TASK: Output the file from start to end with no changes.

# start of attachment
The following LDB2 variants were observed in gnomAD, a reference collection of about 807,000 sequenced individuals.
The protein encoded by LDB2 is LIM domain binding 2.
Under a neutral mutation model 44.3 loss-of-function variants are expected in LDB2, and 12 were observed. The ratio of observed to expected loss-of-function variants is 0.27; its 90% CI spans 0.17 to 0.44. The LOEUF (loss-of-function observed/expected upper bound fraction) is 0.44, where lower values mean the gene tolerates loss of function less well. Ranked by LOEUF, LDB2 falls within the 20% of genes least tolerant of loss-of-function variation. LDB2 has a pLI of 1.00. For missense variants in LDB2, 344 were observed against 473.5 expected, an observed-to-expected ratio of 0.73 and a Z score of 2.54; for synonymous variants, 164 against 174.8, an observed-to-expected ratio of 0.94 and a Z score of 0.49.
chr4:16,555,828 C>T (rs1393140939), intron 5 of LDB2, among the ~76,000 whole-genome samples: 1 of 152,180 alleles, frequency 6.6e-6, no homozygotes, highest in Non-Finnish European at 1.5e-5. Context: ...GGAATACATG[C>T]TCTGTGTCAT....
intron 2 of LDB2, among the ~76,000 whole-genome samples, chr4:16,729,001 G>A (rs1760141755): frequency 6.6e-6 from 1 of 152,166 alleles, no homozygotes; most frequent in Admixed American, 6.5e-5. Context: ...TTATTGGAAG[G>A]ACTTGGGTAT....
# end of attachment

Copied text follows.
The following LDB2 variants were observed in gnomAD, a reference collection of about 807,000 sequenced individuals.
The protein encoded by LDB2 is LIM domain binding 2.
Under a neutral mutation model 44.3 loss-of-function variants are expected in LDB2, and 12 were observed. The ratio of observed to expected loss-of-function variants is 0.27; its 90% CI spans 0.17 to 0.44. The LOEUF (loss-of-function observed/expected upper bound fraction) is 0.44, where lower values mean the gene tolerates loss of function less well. Ranked by LOEUF, LDB2 falls within the 20% of genes least tolerant of loss-of-function variation. LDB2 has a pLI of 1.00. For missense variants in LDB2, 344 were observed against 473.5 expected, an observed-to-expected ratio of 0.73 and a Z score of 2.54; for synonymous variants, 164 against 174.8, an observed-to-expected ratio of 0.94 and a Z score of 0.49.
chr4:16,555,828 C>T (rs1393140939), intron 5 of LDB2, among the ~76,000 whole-genome samples: 1 of 152,180 alleles, frequency 6.6e-6, no homozygotes, highest in Non-Finnish European at 1.5e-5. Context: ...GGAATACATG[C>T]TCTGTGTCAT....
intron 2 of LDB2, among the ~76,000 whole-genome samples, chr4:16,729,001 G>A (rs1760141755): frequency 6.6e-6 from 1 of 152,166 alleles, no homozygotes; most frequent in Admixed American, 6.5e-5. Context: ...TTATTGGAAG[G>A]ACTTGGGTAT....